Effectively Inviting Conversation in Group Therapy

Group therapy

Group therapy is a very influential part of the recovery process

Group therapy is a very influential part of the recovery process. It is a safe space where someone learns that they are not alone in their struggles with a number of like-minded people who are willing to share in their highs and lows through the recovery process. It can provide a wealth of new ideas and strategies, as well as an unconditional feeling of belonging that is scaffolded through group therapy as each person learns more about themselves and develops new relationships. Mediating a group therapy session can be incredibly rewarding, as someone has the opportunity to act as a catalyst to profound healing. However, this positive and progressive atmosphere is something that has to be curated in order to be effective. Learning how to mediate group therapy sessions can build an atmosphere that is palpable with its healing potential and birth a culture around recovery that can stick with someone for a lifetime. 

Create an Atmosphere That Encourages Conversation

Creating an atmosphere where people feel safe talking about difficult subjects involves a number of different factors. However, that doesn’t mean that everyone has to talk all the time and there may be situations where someone simply doesn’t want to share in a particular situation. Whether they feel as if they don’t have any unique input to a certain prompt or the topic is simply difficult for them to discuss openly, each person may choose to abstain from the conversation for a bit. Creating an atmosphere that encourages conversation balances this notion with positive reinforcement for those who do choose to speak.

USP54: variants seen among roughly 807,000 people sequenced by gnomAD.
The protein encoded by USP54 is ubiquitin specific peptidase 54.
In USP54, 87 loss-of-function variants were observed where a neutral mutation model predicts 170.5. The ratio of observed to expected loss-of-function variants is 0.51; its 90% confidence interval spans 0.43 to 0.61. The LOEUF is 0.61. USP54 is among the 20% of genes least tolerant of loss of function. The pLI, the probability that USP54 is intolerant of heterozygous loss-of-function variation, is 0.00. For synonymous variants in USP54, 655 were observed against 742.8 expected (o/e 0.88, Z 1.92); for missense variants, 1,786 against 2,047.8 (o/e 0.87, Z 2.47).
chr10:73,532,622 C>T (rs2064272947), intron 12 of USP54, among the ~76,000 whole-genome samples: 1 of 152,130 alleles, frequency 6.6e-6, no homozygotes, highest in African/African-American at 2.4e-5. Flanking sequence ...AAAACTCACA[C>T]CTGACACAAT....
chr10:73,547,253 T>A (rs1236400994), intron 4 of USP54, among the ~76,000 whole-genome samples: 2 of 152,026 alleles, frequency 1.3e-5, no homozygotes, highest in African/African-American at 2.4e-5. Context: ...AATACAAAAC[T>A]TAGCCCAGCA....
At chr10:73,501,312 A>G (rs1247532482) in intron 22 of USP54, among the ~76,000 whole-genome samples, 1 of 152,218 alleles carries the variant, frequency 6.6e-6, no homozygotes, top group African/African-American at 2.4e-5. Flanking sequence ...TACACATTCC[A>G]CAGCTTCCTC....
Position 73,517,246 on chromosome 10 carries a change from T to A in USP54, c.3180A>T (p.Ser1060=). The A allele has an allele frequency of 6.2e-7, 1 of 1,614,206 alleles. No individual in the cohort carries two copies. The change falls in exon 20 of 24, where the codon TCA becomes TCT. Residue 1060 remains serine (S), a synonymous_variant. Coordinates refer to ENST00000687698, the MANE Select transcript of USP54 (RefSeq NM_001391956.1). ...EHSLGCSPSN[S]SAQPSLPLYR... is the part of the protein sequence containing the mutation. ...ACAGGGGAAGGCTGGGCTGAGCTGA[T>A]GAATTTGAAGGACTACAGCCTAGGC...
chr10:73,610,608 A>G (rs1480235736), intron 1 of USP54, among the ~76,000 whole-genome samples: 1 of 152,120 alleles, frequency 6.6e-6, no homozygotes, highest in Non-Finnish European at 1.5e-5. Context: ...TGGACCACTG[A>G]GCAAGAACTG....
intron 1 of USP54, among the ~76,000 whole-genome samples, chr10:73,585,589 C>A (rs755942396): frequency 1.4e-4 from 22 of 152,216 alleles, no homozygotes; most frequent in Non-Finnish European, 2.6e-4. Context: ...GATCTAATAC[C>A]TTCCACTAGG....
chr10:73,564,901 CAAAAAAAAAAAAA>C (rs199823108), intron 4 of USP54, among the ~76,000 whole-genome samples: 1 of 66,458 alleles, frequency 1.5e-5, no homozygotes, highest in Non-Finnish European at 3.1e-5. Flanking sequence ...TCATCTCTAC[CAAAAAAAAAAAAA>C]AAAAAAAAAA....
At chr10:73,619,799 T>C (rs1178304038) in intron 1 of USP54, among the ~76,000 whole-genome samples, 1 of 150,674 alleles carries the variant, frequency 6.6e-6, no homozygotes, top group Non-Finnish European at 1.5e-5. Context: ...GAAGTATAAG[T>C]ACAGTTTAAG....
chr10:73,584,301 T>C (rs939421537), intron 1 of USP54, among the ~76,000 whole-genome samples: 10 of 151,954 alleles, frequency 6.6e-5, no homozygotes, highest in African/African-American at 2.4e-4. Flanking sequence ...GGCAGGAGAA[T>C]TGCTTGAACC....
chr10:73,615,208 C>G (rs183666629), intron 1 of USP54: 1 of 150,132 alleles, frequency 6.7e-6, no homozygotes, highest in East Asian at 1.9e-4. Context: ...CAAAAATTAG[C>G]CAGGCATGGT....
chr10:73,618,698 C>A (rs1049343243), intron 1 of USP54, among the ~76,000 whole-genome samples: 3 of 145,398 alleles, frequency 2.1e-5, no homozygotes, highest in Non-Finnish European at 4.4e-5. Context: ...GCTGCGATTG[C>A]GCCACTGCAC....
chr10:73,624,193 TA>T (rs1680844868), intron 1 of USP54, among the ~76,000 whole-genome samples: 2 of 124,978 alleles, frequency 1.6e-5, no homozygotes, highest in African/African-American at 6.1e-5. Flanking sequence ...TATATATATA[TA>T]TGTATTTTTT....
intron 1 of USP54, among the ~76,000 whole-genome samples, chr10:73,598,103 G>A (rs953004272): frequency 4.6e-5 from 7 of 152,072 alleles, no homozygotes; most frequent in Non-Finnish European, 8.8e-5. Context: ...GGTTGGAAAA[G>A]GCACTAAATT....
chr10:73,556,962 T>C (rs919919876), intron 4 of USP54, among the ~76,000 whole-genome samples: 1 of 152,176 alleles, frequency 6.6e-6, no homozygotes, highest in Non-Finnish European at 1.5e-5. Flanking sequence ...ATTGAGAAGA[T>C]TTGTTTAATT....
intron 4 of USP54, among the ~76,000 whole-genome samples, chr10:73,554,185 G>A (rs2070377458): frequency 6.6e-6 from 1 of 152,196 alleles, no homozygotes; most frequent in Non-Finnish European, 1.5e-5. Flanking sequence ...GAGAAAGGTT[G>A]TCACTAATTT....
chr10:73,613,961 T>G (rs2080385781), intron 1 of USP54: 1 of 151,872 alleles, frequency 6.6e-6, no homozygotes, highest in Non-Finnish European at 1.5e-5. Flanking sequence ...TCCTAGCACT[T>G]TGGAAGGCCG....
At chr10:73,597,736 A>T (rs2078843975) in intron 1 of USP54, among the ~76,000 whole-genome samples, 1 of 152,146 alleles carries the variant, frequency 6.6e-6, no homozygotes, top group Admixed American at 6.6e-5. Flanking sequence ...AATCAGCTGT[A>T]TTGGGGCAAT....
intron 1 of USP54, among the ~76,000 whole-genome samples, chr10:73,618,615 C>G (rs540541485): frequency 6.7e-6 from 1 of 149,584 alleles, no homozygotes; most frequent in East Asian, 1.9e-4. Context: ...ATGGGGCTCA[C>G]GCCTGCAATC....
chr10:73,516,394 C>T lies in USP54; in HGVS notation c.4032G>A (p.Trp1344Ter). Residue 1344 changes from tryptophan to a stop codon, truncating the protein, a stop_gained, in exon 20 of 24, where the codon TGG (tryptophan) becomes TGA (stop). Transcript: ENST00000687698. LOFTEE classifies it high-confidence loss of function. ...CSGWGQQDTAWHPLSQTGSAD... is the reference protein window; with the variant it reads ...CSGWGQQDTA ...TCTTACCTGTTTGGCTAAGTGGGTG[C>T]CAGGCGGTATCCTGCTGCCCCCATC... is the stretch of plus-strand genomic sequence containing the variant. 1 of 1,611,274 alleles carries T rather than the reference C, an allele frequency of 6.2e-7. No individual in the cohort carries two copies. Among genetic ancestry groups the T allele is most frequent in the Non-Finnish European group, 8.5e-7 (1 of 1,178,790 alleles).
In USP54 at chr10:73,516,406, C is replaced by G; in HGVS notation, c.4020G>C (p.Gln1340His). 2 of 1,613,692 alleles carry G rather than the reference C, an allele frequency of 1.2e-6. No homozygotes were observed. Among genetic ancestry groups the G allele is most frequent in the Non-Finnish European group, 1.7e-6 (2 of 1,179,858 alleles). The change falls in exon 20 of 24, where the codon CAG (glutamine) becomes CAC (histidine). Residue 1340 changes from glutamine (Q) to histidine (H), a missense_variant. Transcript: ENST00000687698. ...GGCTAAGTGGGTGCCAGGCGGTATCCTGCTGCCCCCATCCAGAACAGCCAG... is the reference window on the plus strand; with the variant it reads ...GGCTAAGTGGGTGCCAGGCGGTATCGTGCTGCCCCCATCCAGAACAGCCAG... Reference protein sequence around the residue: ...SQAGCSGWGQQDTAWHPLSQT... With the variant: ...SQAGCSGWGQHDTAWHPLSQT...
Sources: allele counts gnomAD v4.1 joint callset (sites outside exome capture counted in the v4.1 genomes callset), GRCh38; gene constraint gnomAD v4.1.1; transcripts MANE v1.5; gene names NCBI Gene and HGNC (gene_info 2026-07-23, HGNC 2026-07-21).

Asking guiding and open-ended questions can help someone begin a conversation with their responses. Having other members be respectful and quiet, and then thanking someone for their participation, no matter how much or how little they spoke, can be the reinforcement that someone needs to feel like their voice was genuinely heard. Repeating back key phrases that someone used can also create this effect, as well as reinforce prominent parts of a person’s answer to ensure all people heard a potentially impactful answer. 

Avoid Direct Questions Too Much

Asking very specific questions can limit how people feel they can respond and overall stunt the conversation. Asking questions that are open to multiple answers or interpretations can be much more effective in establishing a progressive dialogue. If members do not feel they can share on a particular prompt, a dragging silence can change the atmosphere of the room as a whole. Participation from as many members of a group session as possible is the goal, and allowing them to interpret questions in a way that is pertinent to their own lives can continue to facilitate ongoing discussion.